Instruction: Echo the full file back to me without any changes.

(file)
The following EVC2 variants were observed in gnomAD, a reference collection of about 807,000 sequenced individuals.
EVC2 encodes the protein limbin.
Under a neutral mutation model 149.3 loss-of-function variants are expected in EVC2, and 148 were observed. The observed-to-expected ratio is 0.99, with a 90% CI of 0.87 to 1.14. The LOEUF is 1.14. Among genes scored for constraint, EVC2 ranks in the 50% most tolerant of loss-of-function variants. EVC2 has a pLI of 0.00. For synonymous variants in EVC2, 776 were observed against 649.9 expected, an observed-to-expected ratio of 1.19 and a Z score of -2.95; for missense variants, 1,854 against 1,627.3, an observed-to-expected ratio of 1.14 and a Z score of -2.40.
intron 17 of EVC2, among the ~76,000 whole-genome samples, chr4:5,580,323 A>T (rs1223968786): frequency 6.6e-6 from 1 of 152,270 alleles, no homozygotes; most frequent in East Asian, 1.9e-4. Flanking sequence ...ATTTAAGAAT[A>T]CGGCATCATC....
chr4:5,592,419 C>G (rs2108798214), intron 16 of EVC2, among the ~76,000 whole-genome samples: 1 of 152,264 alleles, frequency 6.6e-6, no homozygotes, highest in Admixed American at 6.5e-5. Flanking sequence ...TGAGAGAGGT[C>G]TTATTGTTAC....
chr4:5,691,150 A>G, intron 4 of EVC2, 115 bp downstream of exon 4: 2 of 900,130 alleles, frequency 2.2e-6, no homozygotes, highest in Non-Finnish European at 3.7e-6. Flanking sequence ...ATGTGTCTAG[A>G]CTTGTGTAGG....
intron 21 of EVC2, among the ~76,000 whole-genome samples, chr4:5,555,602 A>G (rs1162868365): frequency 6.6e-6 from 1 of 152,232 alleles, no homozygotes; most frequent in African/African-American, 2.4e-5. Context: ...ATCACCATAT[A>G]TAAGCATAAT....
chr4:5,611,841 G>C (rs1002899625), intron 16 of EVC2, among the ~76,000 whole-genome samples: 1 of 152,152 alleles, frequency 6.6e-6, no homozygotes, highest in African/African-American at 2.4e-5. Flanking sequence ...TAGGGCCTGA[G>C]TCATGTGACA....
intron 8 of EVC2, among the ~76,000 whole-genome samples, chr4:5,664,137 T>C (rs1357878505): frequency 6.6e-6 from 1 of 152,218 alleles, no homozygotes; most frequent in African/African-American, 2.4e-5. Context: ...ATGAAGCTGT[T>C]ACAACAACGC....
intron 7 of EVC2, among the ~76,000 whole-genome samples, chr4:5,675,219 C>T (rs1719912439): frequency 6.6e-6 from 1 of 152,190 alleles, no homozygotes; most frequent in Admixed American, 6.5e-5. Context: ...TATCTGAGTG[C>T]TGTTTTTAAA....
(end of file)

The following EVC2 variants were observed in gnomAD, a reference collection of about 807,000 sequenced individuals.
EVC2 encodes the protein limbin.
Under a neutral mutation model 149.3 loss-of-function variants are expected in EVC2, and 148 were observed. The observed-to-expected ratio is 0.99, with a 90% CI of 0.87 to 1.14. The LOEUF is 1.14. Among genes scored for constraint, EVC2 ranks in the 50% most tolerant of loss-of-function variants. EVC2 has a pLI of 0.00. For synonymous variants in EVC2, 776 were observed against 649.9 expected, an observed-to-expected ratio of 1.19 and a Z score of -2.95; for missense variants, 1,854 against 1,627.3, an observed-to-expected ratio of 1.14 and a Z score of -2.40.
intron 17 of EVC2, among the ~76,000 whole-genome samples, chr4:5,580,323 A>T (rs1223968786): frequency 6.6e-6 from 1 of 152,270 alleles, no homozygotes; most frequent in East Asian, 1.9e-4. Flanking sequence ...ATTTAAGAAT[A>T]CGGCATCATC....
chr4:5,592,419 C>G (rs2108798214), intron 16 of EVC2, among the ~76,000 whole-genome samples: 1 of 152,264 alleles, frequency 6.6e-6, no homozygotes, highest in Admixed American at 6.5e-5. Flanking sequence ...TGAGAGAGGT[C>G]TTATTGTTAC....
chr4:5,691,150 A>G, intron 4 of EVC2, 115 bp downstream of exon 4: 2 of 900,130 alleles, frequency 2.2e-6, no homozygotes, highest in Non-Finnish European at 3.7e-6. Flanking sequence ...ATGTGTCTAG[A>G]CTTGTGTAGG....
intron 21 of EVC2, among the ~76,000 whole-genome samples, chr4:5,555,602 A>G (rs1162868365): frequency 6.6e-6 from 1 of 152,232 alleles, no homozygotes; most frequent in African/African-American, 2.4e-5. Context: ...ATCACCATAT[A>G]TAAGCATAAT....
chr4:5,611,841 G>C (rs1002899625), intron 16 of EVC2, among the ~76,000 whole-genome samples: 1 of 152,152 alleles, frequency 6.6e-6, no homozygotes, highest in African/African-American at 2.4e-5. Flanking sequence ...TAGGGCCTGA[G>C]TCATGTGACA....
intron 8 of EVC2, among the ~76,000 whole-genome samples, chr4:5,664,137 T>C (rs1357878505): frequency 6.6e-6 from 1 of 152,218 alleles, no homozygotes; most frequent in African/African-American, 2.4e-5. Context: ...ATGAAGCTGT[T>C]ACAACAACGC....
intron 7 of EVC2, among the ~76,000 whole-genome samples, chr4:5,675,219 C>T (rs1719912439): frequency 6.6e-6 from 1 of 152,190 alleles, no homozygotes; most frequent in Admixed American, 6.5e-5. Context: ...TATCTGAGTG[C>T]TGTTTTTAAA....